Over the last ten years Dundee City Council has improved many services for residents and played a major part in the ambitious programme of projects that have transformed much of the city centre.
In a report published today the Commission says the council is well led, with a clear vision for the future, alongside a good understanding of the problems affecting many residents.
However, the Accounts Commission says the council must now work with partners to move even faster to address complex and deep-rooted problems such as poverty, inequality and the highest level of drug-related deaths for a city in Scotland.
The council now needs to work with its partners to increase the pace of service improvement. It also needs to continue to reshape its services and, in particular, narrow the educational attainment gap for vulnerable or disadvantaged children.
The financial sustainability of the Integration Joint Board, the body responsible for delivering health and social care services in Dundee, is a significant risk. The impact of Covid-19 will add to the challenges to come and it is critical that the council works with partners to address this, so it can continue to provide vital services to residents.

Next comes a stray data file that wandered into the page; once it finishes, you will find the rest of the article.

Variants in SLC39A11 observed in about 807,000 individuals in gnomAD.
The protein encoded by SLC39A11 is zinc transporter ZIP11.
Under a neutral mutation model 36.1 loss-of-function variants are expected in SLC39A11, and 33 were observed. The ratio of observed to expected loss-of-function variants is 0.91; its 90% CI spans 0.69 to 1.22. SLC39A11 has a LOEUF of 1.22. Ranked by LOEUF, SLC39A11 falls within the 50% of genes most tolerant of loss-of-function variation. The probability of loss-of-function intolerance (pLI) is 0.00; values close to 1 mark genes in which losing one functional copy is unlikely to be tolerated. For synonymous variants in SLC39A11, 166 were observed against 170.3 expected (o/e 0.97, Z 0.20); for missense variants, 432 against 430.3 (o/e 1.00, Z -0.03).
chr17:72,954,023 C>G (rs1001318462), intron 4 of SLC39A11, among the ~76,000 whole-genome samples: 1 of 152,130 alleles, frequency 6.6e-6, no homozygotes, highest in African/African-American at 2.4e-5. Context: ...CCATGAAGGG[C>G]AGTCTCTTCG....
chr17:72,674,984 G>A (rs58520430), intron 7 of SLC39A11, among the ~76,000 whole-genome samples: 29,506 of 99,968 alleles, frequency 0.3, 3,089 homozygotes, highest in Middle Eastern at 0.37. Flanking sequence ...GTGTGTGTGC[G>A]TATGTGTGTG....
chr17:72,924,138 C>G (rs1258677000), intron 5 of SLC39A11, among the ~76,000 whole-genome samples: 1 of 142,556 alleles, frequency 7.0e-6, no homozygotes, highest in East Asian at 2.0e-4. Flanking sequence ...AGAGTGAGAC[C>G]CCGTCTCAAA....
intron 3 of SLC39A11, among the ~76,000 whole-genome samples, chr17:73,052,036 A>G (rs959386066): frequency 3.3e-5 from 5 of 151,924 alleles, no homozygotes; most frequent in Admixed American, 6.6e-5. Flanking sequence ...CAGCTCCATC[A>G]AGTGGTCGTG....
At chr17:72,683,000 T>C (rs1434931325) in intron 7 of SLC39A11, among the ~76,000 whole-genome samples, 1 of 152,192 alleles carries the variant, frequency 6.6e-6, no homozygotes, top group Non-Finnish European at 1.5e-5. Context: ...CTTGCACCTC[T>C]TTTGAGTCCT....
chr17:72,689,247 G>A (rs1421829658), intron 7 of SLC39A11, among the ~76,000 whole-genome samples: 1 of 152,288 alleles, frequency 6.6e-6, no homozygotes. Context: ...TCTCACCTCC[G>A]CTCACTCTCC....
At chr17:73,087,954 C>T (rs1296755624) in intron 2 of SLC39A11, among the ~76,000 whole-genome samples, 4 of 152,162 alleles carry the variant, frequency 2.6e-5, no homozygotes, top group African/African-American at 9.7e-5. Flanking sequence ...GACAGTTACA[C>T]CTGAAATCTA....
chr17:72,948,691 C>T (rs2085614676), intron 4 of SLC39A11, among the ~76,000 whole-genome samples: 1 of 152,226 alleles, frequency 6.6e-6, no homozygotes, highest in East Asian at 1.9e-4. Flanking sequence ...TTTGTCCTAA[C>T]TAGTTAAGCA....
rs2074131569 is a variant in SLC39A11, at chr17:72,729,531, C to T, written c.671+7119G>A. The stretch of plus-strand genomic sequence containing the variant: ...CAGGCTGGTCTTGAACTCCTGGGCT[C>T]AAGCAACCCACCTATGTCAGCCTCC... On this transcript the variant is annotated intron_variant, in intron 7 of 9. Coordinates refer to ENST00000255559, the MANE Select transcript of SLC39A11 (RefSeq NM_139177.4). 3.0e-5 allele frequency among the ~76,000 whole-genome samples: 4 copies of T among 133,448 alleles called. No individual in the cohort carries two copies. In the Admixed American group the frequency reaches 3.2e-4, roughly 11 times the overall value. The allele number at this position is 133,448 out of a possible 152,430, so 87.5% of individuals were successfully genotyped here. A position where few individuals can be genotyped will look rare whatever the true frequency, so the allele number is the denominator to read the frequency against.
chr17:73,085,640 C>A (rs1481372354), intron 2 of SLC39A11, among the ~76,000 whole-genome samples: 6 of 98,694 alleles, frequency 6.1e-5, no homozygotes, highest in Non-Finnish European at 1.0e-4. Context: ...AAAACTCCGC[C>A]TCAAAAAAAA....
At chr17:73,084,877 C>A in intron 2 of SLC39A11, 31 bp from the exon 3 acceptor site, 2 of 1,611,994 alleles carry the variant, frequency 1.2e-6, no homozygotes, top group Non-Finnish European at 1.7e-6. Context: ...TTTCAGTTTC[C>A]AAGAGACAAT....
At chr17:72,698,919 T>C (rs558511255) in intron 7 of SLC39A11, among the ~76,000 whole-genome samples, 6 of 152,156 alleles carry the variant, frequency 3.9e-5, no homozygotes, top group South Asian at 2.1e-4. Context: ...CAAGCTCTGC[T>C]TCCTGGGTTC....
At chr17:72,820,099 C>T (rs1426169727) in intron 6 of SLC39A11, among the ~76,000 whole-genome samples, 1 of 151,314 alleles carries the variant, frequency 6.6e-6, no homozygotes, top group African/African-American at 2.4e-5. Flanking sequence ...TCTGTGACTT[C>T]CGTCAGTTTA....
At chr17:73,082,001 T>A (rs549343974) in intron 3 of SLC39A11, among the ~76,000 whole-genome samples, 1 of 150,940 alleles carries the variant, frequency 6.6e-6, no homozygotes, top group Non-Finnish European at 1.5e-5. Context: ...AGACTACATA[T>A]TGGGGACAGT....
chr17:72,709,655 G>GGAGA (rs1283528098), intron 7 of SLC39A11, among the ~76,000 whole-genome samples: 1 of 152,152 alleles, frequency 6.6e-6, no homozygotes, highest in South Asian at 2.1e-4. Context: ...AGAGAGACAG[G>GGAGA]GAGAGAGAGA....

Tim McKay, Interim Deputy Chair of the Accounts Commission, said,
Dundee is a well led council and whilst there has been much improvement to the city and services, those in disadvantaged areas have not all benefited from that transformation. The significant investment to transform parts of the city, most notably the waterfront, sits in marked contrast to the endemic poverty, inequality and drug-related deaths.
Many services have improved, but the council and its partners must now act faster to address these long-standing issues. As the council continues to transform the city it is critical that the social value to all Dundee residents of this investment can be demonstrated. Without this, those who are already disadvantaged will not see the benefits of the investment in and regeneration of their city.